The Turing Test was proposed by Alan Turing in 1950; he called it the Imitation Game. In 1991 Hugh Loebner started the Loebner Prize competition, offering a $100,000 prize to the author of the first computer program to pass an unrestricted Turing test. Annual competitions are held each year with smaller prizes for the best program on a restricted Turing test.  
This paper describes the development of one such Turing System, including the technical design of the program and its performance on the first three Loebner Prize competitions. We also discuss the program's four year development effort, which has depended heavily on constant interaction with people on the Internet via Tinymuds (multiuser network communication servers that are a cross between role-playing games and computer forums like CompuServe).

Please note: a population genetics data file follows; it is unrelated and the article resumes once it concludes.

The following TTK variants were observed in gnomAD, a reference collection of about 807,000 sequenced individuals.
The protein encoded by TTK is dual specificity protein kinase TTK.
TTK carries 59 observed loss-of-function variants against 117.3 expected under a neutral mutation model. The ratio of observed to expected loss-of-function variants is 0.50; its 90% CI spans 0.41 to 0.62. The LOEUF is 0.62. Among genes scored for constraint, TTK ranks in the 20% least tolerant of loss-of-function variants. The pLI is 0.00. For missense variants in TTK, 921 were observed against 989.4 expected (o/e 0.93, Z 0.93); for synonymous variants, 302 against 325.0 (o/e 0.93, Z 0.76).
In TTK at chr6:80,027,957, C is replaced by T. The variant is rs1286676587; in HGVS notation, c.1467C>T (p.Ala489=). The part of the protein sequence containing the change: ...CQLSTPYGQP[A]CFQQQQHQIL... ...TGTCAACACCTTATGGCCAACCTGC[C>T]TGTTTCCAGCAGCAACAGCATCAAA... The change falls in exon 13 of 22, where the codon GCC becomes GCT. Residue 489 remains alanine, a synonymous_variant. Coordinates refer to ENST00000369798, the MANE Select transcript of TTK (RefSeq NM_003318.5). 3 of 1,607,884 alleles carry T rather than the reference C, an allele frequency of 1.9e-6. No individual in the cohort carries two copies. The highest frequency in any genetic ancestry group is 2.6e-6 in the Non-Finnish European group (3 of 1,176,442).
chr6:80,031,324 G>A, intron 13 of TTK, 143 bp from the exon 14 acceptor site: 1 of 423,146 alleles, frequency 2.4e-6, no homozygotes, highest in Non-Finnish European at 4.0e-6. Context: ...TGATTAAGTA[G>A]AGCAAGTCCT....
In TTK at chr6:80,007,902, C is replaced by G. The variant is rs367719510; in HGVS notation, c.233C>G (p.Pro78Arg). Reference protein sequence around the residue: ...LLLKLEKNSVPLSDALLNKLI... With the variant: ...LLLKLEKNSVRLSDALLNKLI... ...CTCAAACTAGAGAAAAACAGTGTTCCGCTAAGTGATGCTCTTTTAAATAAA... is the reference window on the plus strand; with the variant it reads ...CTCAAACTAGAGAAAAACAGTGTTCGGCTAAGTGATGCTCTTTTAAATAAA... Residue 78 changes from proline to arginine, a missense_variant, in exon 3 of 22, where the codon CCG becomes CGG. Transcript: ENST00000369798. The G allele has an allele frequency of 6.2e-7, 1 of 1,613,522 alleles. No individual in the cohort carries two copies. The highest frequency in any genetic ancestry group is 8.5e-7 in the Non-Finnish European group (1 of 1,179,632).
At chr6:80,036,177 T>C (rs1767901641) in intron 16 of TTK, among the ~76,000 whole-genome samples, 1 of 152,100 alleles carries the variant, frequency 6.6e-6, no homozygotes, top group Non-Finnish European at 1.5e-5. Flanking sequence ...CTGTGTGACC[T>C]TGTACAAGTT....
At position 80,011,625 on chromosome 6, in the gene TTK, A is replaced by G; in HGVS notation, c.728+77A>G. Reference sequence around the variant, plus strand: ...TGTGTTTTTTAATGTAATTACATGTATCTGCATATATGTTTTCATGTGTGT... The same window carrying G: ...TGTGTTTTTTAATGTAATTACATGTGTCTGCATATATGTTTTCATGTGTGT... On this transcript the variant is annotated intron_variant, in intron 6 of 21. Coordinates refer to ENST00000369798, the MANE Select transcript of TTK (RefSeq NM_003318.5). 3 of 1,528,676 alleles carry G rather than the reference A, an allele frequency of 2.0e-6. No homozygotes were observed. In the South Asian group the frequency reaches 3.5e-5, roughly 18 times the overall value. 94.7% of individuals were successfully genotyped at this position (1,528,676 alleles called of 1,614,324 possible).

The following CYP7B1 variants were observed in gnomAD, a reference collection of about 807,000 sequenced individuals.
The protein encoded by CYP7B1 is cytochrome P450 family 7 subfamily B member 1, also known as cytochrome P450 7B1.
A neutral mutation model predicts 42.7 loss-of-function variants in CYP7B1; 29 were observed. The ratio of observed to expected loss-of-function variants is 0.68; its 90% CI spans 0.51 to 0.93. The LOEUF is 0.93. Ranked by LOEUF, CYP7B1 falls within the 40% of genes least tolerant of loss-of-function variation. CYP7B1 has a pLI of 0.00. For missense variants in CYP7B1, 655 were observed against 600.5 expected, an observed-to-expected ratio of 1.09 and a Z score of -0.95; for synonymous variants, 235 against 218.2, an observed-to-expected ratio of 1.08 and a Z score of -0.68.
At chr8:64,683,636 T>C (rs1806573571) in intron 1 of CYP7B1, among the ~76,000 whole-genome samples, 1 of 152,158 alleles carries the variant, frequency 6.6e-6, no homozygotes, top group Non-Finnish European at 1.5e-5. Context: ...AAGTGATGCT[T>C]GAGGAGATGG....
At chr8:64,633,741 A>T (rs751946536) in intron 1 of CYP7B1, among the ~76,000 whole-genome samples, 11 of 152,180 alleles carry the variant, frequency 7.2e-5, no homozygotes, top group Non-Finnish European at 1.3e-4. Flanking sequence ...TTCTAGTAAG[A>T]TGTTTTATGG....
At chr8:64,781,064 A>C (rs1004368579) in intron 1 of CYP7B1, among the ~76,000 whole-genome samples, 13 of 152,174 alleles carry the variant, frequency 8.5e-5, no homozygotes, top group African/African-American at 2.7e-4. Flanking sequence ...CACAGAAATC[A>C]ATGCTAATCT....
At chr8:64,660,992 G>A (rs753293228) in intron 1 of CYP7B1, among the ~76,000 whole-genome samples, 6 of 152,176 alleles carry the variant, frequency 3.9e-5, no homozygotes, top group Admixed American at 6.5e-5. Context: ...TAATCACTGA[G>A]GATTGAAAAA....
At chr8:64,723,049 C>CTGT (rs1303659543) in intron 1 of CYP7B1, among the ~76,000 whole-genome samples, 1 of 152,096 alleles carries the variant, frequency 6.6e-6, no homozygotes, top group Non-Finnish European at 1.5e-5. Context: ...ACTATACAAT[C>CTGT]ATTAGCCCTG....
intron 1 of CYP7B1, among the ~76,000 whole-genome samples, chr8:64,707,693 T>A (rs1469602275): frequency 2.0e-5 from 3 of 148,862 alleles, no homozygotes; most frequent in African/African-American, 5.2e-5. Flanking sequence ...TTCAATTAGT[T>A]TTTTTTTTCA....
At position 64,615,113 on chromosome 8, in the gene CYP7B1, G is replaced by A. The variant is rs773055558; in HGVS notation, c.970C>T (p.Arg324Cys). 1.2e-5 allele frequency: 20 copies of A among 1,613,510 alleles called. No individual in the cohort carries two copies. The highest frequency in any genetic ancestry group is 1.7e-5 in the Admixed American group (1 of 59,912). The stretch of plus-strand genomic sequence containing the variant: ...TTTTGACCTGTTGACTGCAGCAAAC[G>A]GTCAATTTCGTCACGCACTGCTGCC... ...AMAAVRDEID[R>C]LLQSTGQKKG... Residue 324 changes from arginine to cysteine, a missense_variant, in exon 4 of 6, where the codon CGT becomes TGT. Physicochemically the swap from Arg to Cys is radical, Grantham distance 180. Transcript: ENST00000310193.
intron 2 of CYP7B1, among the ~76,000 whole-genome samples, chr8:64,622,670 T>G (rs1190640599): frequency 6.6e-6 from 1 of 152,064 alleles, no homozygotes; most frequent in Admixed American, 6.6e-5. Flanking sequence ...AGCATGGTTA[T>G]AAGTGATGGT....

Finally, we discuss the design of the Loebner competition itself, and address its usefulness in furthering the development of Artificial Intelligence.  
Sort of a long computer science paper, but I like its discussion of some of the 'tricks' programmers use to make their 'bots seem more humanlike:  
* ELIZA uses lots of questions to draw the user into talking and makes no declarative statements, so it can't contradict itself later.  
* PARRY simulates a paranoid human, and tells various stories about the mafia, to trick humans into thinking it is a real person  
* CHATTERBOT breaks a large conversation into small fragments so it can advance a conversation, and it includes humorous statements to seem more human